November 21, 2012; Oakland, CA, USA; Golden State Warriors power forward David Lee (10) dribbles the ball against Brooklyn Nets power forward Mirza Teletovic (33) during the fourth quarter at ORACLE Arena. The Warriors defeated the Nets 102-93. Mandatory Credit: Kyle Terada-USA TODAY Sports

Golden State Warriors: Where Does David Lee Fit Into the Offense?

April 09, 2013; Oakland, CA, USA; Golden State Warriors power forward David Lee (10) drives in against Minnesota Timberwolves power forward Derrick Williams (7) during the first quarter at Oracle Arena. Mandatory Credit: Kelley L Cox-USA TODAY Sports

With the Golden State Warriors’ recent acquisition of swingman Andre Iguodala, they now have four players who can handle the ball on offense. This will likely leave one player with the short end of the stick, and it could be All-Star power forward, David Lee.

Lee is the oldest core player and makes the most money, but expect his numbers to take a slight dip over the next few seasons, even though he has been synonymous with getting his own numbers throughout his career. Lee will still get his 10-plus rebounds a night as he gets most of those from just hustle plays, and although he doesn’t get many offensive boards, he may have to crash the glass on that end to impact the game more.

The fortunate thing about having four players that can run the offense is that head coach Mark Jackson can give the team so many different sets to play through, and therefore he can get creative with the group of players he sends on the court. Lee is still an elite passing forward, so Jackson can run shooters off picks as Lee handles the ball on the elbow, which could end with Lee’s assists taking a jump up this season. With the addition of Iguodala, the Warriors now have one of the best slashers in the game, one who can get to the rim almost at will. This is where Lee’s signature 17-footer comes into play.

Lee may have to become a spot-up shooter for some games where the other team wants to crowd the middle and force the Warriors to become outside shooters. This is never a problem with the Warriors guards, but center Andrew Bogut still can’t shoot much farther than a free throw because of his massive elbow injury from four years ago.

One remedy to this issue would be Lee extending his range out to the three-point line. While he has never been a three-point shooter in his career (he’s only made one in 25 tries), he has a good stroke and the will to force himself to extend his range this summer. This could be a huge weapon, and it would benefit the Warriors’ offensive schemes greatly.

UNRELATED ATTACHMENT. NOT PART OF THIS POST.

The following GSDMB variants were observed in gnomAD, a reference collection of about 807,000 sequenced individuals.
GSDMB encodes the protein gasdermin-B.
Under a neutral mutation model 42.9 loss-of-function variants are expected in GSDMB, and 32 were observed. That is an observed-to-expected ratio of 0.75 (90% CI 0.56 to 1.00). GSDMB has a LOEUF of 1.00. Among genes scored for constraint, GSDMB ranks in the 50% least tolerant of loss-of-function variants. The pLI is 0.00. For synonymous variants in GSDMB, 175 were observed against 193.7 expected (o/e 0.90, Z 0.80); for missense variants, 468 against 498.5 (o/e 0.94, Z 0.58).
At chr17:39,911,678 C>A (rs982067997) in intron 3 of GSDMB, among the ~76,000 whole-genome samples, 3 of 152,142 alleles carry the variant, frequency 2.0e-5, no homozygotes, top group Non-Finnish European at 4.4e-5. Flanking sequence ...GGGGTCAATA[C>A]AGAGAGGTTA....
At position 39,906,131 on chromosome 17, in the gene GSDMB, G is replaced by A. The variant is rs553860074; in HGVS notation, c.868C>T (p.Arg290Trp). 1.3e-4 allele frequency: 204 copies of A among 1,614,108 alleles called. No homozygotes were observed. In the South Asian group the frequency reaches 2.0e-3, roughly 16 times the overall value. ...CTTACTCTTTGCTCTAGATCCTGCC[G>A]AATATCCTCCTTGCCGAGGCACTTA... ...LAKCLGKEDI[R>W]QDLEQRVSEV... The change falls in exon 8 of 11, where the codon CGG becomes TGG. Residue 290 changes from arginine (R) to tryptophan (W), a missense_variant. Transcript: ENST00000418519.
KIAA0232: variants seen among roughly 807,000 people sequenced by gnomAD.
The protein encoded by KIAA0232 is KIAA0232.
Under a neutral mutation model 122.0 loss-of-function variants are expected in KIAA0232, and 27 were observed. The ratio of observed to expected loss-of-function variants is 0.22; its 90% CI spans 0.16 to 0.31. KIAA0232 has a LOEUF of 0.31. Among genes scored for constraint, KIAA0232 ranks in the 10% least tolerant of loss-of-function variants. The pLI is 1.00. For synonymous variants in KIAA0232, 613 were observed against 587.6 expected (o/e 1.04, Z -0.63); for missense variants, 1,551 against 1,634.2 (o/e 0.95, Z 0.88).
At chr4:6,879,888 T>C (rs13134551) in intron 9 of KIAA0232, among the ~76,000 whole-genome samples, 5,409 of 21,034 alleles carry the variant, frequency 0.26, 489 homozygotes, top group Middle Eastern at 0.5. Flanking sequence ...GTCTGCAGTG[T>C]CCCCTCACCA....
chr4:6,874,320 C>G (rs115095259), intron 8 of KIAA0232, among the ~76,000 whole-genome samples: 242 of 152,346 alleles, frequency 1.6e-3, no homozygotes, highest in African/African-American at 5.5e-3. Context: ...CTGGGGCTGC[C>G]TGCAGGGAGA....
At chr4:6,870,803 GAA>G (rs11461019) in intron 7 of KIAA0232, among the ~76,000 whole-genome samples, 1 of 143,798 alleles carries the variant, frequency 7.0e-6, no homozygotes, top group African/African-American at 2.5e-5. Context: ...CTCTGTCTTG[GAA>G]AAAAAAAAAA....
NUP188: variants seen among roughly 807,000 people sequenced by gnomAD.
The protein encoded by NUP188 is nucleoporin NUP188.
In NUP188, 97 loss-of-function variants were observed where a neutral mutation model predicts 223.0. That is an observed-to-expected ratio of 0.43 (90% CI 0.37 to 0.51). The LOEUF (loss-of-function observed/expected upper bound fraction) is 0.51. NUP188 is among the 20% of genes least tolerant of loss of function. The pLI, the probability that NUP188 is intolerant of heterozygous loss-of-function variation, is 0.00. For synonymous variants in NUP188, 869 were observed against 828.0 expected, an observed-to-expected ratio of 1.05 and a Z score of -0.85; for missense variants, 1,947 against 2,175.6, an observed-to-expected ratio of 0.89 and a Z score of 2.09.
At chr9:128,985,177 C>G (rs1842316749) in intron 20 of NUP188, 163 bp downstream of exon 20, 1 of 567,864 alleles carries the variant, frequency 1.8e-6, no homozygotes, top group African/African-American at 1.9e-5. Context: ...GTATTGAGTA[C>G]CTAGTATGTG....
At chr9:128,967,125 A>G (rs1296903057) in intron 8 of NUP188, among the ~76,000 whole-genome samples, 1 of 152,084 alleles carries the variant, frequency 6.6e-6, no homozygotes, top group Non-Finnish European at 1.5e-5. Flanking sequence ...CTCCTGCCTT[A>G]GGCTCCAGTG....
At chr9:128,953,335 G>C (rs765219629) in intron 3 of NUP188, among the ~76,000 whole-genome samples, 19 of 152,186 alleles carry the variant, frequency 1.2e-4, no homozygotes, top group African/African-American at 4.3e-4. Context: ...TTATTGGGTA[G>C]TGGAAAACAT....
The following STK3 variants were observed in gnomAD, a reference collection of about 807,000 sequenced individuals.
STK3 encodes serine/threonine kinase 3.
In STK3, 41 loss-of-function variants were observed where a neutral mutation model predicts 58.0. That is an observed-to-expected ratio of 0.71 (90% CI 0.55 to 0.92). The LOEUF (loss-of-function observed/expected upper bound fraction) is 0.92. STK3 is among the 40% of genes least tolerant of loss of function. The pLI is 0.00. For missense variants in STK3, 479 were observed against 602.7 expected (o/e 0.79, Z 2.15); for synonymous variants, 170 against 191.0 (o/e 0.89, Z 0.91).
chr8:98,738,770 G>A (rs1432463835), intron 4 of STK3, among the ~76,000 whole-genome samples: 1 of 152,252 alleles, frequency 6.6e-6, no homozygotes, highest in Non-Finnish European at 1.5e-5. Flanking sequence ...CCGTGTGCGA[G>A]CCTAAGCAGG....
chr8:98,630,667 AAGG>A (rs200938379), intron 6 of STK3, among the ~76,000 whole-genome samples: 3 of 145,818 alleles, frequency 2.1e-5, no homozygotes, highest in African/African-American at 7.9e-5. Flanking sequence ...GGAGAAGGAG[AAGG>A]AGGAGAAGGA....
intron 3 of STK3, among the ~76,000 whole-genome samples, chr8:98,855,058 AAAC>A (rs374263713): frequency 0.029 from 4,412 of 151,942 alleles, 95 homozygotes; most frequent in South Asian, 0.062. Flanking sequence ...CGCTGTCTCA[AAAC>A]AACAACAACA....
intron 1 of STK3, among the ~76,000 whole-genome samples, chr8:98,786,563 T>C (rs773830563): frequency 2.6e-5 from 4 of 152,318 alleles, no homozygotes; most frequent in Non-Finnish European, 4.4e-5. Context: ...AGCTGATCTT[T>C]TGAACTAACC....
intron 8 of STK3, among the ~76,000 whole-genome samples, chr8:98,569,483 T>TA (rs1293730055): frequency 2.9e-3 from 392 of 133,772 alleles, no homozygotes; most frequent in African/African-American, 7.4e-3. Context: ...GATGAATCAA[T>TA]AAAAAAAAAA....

Lee is still one of the best pick-and-roll forwards in the NBA, and that’s where much of his production will have to come from. Luckily, he’ll have another elite pick-and-roll partner with Iguodala in the mix. Point guard Stephen Curry must sustain his elite shooting and  while being a threat from deep to clear out space for guys like Lee to work on the elbow or in the post, because if double-teamed, Lee will surely find the open man.

Lee’s statistical numbers could be the lowest of his career, but the Warriors could win upwards of 60 games and be poised to capture the two seed in the Western Conference behind the Oklahoma City Thunder. That is a tradeoff any team player would accept.

Jackson will have the most fun next year, though. He can get really creative with his lineups, running small-ball lineups with Lee and the recently acquired Marreese Speights, or even put Stephen Curry-Klay Thompson-Harrison Barnes-Iguodala-Lee together with Lee as only big. He can also go big with Lee-Bogut-Speights or Lee-Jermaine O’Neal.

This will be the true test for Jackson, with former assistant coach Mike Malone gone to coach the Sacramento Kings, to see where these intricate lineup changes can be taken advantage of.

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